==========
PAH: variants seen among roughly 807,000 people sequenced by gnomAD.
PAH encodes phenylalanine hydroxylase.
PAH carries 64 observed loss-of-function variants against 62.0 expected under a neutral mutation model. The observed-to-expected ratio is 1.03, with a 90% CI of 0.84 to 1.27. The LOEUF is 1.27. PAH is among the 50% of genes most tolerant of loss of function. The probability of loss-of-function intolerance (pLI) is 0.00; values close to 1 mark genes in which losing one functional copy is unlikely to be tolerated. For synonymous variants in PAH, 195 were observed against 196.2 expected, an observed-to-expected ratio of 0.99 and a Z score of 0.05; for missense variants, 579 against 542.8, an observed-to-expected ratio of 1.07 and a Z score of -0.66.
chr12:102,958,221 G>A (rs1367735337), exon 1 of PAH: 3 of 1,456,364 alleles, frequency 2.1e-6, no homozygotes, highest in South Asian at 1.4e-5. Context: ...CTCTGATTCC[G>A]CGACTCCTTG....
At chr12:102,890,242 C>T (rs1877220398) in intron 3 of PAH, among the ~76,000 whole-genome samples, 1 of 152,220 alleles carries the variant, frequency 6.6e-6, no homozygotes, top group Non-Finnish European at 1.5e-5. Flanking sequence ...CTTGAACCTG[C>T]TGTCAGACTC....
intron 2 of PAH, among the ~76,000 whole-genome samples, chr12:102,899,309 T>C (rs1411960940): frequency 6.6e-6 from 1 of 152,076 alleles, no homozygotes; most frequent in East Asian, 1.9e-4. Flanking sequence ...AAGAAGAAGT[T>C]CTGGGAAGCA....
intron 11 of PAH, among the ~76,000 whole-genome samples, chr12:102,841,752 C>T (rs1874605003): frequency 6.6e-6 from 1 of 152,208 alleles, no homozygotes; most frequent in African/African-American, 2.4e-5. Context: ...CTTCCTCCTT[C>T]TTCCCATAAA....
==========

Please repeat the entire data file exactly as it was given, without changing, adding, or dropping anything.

PAH: variants seen among roughly 807,000 people sequenced by gnomAD.
PAH encodes phenylalanine hydroxylase.
PAH carries 64 observed loss-of-function variants against 62.0 expected under a neutral mutation model. The observed-to-expected ratio is 1.03, with a 90% CI of 0.84 to 1.27. The LOEUF is 1.27. PAH is among the 50% of genes most tolerant of loss of function. The probability of loss-of-function intolerance (pLI) is 0.00; values close to 1 mark genes in which losing one functional copy is unlikely to be tolerated. For synonymous variants in PAH, 195 were observed against 196.2 expected, an observed-to-expected ratio of 0.99 and a Z score of 0.05; for missense variants, 579 against 542.8, an observed-to-expected ratio of 1.07 and a Z score of -0.66.
chr12:102,958,221 G>A (rs1367735337), exon 1 of PAH: 3 of 1,456,364 alleles, frequency 2.1e-6, no homozygotes, highest in South Asian at 1.4e-5. Context: ...CTCTGATTCC[G>A]CGACTCCTTG....
At chr12:102,890,242 C>T (rs1877220398) in intron 3 of PAH, among the ~76,000 whole-genome samples, 1 of 152,220 alleles carries the variant, frequency 6.6e-6, no homozygotes, top group Non-Finnish European at 1.5e-5. Flanking sequence ...CTTGAACCTG[C>T]TGTCAGACTC....
intron 2 of PAH, among the ~76,000 whole-genome samples, chr12:102,899,309 T>C (rs1411960940): frequency 6.6e-6 from 1 of 152,076 alleles, no homozygotes; most frequent in East Asian, 1.9e-4. Flanking sequence ...AAGAAGAAGT[T>C]CTGGGAAGCA....
intron 11 of PAH, among the ~76,000 whole-genome samples, chr12:102,841,752 C>T (rs1874605003): frequency 6.6e-6 from 1 of 152,208 alleles, no homozygotes; most frequent in African/African-American, 2.4e-5. Context: ...CTTCCTCCTT[C>T]TTCCCATAAA....